It was a week for good characterization as Richard Ryder makes some brave choices concerning Galactus in “Nova” #15. The smart move of never having the Devourer speak, but having Norrin Radd represent him (much like Medusa did for Black Bolt, or the Skrull in his place) worked wonders for the narrative, but despite the two events that happened here (the planet’s destruction, while well portrayed, was a foregone conclusion), it seemed fairly uneventful and talky.
“Justice Society of America” #17 shows how worried heroes get when things go mysteriously right, as Gog grows a cult following and performs some miracles (some which may change the way the team works) before … well, let’s just say his happy smiley act has another side. Which is kind of interesting. The issue moved a bit too slowly to buy, but it’s surely worth following.
Getting back to space, “Guardians of the Galaxy” #3 would have benefitted from just a hint more clarity — the Universal Church’s Bishops were a little too derivative of the Shi’ar Gladiator, unless that’s a common modus operandi in deep space, and Star Hawk or whoever he was could have said one line of dialogue, just to tantalize, couldn’t he? The debriefing framing device was still solid, there was a wonderfully done callback with Gamora and Groot was fun too.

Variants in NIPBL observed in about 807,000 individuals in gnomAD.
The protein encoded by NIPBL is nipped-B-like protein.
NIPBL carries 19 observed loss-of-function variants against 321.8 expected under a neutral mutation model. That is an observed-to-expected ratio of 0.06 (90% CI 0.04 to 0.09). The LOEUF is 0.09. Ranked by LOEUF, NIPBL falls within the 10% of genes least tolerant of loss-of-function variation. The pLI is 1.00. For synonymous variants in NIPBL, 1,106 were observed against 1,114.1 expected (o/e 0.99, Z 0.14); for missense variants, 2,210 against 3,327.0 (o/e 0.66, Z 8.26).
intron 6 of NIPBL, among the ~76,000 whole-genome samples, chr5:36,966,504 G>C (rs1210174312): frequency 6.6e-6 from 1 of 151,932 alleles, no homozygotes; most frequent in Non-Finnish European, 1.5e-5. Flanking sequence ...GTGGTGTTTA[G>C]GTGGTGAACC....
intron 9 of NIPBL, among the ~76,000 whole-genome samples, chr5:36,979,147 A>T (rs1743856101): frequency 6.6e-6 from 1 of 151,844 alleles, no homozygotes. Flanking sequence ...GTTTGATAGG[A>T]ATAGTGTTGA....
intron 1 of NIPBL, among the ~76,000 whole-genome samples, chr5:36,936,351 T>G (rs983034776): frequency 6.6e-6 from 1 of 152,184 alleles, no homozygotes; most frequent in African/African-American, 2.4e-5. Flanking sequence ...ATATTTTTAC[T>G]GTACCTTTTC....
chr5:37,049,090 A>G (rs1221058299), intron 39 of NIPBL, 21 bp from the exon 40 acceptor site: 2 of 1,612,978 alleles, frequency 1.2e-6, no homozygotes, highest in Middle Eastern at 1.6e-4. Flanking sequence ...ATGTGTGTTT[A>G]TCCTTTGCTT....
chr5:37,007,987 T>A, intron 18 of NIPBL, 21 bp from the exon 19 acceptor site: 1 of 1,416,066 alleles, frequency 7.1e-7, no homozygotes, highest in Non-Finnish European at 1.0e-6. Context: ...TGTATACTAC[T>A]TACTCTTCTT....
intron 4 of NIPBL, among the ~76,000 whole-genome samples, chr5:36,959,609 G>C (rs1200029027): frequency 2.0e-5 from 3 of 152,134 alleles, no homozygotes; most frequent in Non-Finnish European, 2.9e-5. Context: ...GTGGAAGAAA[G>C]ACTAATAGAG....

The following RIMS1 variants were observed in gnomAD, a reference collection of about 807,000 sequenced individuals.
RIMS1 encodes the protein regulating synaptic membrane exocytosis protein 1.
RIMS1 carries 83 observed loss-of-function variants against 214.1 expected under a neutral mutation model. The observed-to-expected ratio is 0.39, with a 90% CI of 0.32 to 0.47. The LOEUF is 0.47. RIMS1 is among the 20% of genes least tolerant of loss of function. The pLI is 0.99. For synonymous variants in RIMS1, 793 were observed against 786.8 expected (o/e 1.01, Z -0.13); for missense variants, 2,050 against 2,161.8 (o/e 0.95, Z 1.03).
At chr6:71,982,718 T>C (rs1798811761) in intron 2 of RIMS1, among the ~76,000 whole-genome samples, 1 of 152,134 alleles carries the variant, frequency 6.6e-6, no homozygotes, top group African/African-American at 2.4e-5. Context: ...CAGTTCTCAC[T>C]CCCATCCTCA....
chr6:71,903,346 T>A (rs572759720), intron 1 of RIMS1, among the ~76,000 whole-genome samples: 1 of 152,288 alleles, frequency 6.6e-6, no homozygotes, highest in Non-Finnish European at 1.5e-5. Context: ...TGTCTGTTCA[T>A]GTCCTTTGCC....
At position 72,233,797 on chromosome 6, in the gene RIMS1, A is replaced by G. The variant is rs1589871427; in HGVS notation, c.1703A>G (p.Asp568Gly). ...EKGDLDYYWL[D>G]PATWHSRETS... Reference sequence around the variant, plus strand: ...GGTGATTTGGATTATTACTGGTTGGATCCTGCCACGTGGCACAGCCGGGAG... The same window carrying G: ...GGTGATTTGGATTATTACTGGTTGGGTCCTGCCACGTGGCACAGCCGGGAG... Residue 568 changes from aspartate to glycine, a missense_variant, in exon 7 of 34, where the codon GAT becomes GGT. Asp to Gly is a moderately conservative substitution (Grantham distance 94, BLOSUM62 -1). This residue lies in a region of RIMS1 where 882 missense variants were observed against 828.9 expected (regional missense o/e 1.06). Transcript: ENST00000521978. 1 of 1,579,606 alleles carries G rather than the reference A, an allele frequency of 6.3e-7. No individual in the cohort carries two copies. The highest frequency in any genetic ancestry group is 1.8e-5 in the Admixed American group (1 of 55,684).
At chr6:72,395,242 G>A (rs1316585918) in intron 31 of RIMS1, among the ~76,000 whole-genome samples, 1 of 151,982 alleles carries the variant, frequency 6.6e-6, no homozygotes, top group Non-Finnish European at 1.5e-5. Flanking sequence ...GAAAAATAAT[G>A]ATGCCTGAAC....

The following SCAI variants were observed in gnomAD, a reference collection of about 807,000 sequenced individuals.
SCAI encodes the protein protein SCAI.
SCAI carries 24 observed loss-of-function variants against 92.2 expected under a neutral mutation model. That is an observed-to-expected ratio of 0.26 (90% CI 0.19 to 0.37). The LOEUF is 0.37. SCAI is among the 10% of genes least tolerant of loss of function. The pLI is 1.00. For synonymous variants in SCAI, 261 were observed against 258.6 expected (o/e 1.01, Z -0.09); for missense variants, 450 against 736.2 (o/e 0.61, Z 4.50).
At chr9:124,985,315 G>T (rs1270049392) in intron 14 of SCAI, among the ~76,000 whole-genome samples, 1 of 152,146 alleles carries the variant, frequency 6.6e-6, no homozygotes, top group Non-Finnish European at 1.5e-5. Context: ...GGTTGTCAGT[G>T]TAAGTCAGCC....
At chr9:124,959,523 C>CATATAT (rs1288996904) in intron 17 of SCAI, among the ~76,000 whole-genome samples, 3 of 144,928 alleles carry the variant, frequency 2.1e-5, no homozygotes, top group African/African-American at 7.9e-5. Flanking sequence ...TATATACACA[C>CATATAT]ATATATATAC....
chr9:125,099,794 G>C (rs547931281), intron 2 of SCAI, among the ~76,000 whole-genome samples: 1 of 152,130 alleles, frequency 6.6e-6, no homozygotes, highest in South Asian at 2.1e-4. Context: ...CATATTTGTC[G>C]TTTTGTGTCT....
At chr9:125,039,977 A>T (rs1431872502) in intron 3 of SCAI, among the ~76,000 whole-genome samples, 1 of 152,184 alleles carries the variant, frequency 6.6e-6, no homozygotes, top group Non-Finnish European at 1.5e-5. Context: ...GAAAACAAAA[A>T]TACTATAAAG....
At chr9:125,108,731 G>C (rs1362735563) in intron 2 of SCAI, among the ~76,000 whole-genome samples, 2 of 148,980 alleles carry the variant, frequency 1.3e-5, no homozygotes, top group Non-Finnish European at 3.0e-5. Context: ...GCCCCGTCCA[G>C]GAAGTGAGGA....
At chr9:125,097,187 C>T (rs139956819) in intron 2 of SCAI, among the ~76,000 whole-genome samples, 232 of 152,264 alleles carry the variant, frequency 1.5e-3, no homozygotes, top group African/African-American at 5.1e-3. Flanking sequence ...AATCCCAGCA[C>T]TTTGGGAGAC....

“Young X-Men” #4 had some interesting developments and a taste of steel, but the storytelling was a little jerky. The ersatz New Mutants don’t make much of a show for themselves, with their fancy clothes and all.
“Booster Gold” #1,000,000 is not bad with a Batman guest appearance that worked well, the introduction of Peter Platinum (hilarious) and a couple of nice surprises from Rip Hunter. But “not bad” is about as good as it gets.
“Ultimate Origins” #2 was very Cap-centric, covering ground that’s similar to what’s seen elsewhere, except you can see the very Ultimate-specific mean streak already apparent even when Ultimate Steve Rogers is a “ninety-eight pound weakling.” Nothing wrong with it, but despite seeing Dum Dum Dugan, there’s no “crack the internet in half” styled surprises here.
The surprise of the week? “Shark Man” #3. The core story — a Batman rip off with a belt buckle that makes his crotch look hungry — is atrocious, but Steve Pugh’s writing makes it not intolerable and his amazing artwork almost makes it mediocre.
“Captain Britain and MI-13” #3 again leans heavily on the inspiration factor (the flags part was kind of cool, and the “looking off panel” bit works well … as a matter of fact, only the speechy stuff works. The actual Skrull magic and all is kind of dull.